Stocks jumped at the start of what could be the most important week of the year for Wall Street as hopes grew that European leaders will find a solution to the region's debt crisis at a summit on Friday.
The bloc's crisis has been the biggest overhang for U.S. investors this year. Hope that European policymakers were entering an endgame sent the S&P 500 to its best week in almost three years last week with a rise of 7.4 percent.
Many are betting even a temporary fix in Europe will allow investors to focus on improvement in the U.S. economy and send equities higher into the end of the year. But investors have been let down by European crisis summits before.
Paul Zemsky, head of asset allocation at ING in New York, said he is positioned for a favorable outcome but warns failure to reach an agreement that would allow Europe's central bank to step up purchases of government debt could cripple Europe's bond markets and send stocks into a tailspin.
Investors will lose complete confidence in the bond markets of France on out, he said. There's no feasible Plan B, there's no ceiling on these yields if there isn't policy action -- it's gone too far.
The financial sector, which has been hit hard this year due to concern about its exposure to Europe and global growth, was the best performing. The S&P financial index <.GSPF> rose 2.8 percent. Morgan Stanley
The S&P 500 inched above its 200-day moving average but failed to hold it in a sign the market is now meeting considerable resistance in the way of further gains.
The Dow Jones industrial average <.DJI> gained 149.78 points, or 1.25 percent, to 12,169.20. The Standard & Poor's 500 Index <.SPX> rose 20.86 points, or 1.68 percent, to 1,265.14. The Nasdaq Composite Index <.IXIC> added 43.73 points, or 1.66 percent, to 2,670.66.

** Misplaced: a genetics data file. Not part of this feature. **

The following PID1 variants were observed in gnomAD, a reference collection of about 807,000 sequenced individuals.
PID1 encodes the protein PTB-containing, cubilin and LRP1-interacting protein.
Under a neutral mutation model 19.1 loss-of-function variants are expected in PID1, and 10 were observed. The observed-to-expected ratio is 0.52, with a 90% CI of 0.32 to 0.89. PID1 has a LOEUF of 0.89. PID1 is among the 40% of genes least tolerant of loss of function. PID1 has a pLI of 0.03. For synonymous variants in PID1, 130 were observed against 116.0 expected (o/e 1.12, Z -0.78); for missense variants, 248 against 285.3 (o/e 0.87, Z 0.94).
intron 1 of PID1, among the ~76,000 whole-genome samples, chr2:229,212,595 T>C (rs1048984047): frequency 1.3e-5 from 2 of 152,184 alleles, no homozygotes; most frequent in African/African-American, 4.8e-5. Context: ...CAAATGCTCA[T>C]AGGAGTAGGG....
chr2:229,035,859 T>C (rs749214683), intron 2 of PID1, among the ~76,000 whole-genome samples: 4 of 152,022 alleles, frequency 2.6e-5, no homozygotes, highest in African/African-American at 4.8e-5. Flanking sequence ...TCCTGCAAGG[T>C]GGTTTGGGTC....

French President Nicolas Sarkozy and German Chancellor Angela Merkel met in Paris, and Sarkozy said a proposed agreement between the two countries will be sent to EU officials on Wednesday ahead of Friday's summit.
The proposal to be taken up at the EU summit will mean a modified EU treaty, which will need to be approved by all 27 European Union leaders. In addition, a budget-balancing rule across the euro zone will be included.
Investors are hoping the agreement will pave the way for the European Central Bank to buy large amounts of government bonds, an outcome the Germans have been keen to avoid without an end to what they see as profligate government spending.
Marc Pado, U.S. market strategist at Cantor Fitzgerald & Co. in San Francisco said stocks could rally into the end of the year if a convincing deal is reached in Europe, but he cautioned against too much optimism too soon. Markets have rallied into a hoped-for euro zone deal before, only to be let down.
We are far from an easy consensus that it's a done deal, he said. But we are further along in the negotiations than we've been and we are focused on the right things now.
Indexes posted their largest weekly percentage advance last week since mid-March 2009. Those gains also came on a U.S. unemployment rate that dropped to a 2-1/2 year low.
Adding to the belief that Europe would be taking adequate steps to address its issues, Italy unveiled a $40.32 billion package of austerity measures, which eased tensions surrounding the country's finances. European stocks <.FTEU3> rose 1 percent while yields on 10-year Italian government bonds fell to the lowest in a month.
The pace of growth in the vast U.S. services sector slowed more than expected in November, according to the Institute for Supply Management, dropping to the lowest level since January 2010.
Commercial Metals Co
(Editing by Kenneth Barry)